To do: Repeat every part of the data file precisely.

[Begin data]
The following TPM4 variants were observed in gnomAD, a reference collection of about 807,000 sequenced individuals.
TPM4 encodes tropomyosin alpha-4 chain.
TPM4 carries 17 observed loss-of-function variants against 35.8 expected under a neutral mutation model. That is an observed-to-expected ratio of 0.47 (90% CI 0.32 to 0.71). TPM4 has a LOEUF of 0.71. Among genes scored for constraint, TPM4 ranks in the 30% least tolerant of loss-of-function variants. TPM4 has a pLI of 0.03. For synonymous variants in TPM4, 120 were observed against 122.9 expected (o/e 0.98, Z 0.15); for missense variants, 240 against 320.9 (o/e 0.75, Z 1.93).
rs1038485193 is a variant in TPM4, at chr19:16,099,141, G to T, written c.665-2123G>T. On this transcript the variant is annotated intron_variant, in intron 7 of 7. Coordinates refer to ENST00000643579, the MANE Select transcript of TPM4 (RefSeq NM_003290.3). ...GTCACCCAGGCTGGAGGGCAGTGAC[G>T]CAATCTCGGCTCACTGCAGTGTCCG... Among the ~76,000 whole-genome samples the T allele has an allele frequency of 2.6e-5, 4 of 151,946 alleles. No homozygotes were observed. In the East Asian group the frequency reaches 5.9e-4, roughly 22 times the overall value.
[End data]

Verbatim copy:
The following TPM4 variants were observed in gnomAD, a reference collection of about 807,000 sequenced individuals.
TPM4 encodes tropomyosin alpha-4 chain.
TPM4 carries 17 observed loss-of-function variants against 35.8 expected under a neutral mutation model. That is an observed-to-expected ratio of 0.47 (90% CI 0.32 to 0.71). TPM4 has a LOEUF of 0.71. Among genes scored for constraint, TPM4 ranks in the 30% least tolerant of loss-of-function variants. TPM4 has a pLI of 0.03. For synonymous variants in TPM4, 120 were observed against 122.9 expected (o/e 0.98, Z 0.15); for missense variants, 240 against 320.9 (o/e 0.75, Z 1.93).
rs1038485193 is a variant in TPM4, at chr19:16,099,141, G to T, written c.665-2123G>T. On this transcript the variant is annotated intron_variant, in intron 7 of 7. Coordinates refer to ENST00000643579, the MANE Select transcript of TPM4 (RefSeq NM_003290.3). ...GTCACCCAGGCTGGAGGGCAGTGAC[G>T]CAATCTCGGCTCACTGCAGTGTCCG... Among the ~76,000 whole-genome samples the T allele has an allele frequency of 2.6e-5, 4 of 151,946 alleles. No homozygotes were observed. In the East Asian group the frequency reaches 5.9e-4, roughly 22 times the overall value.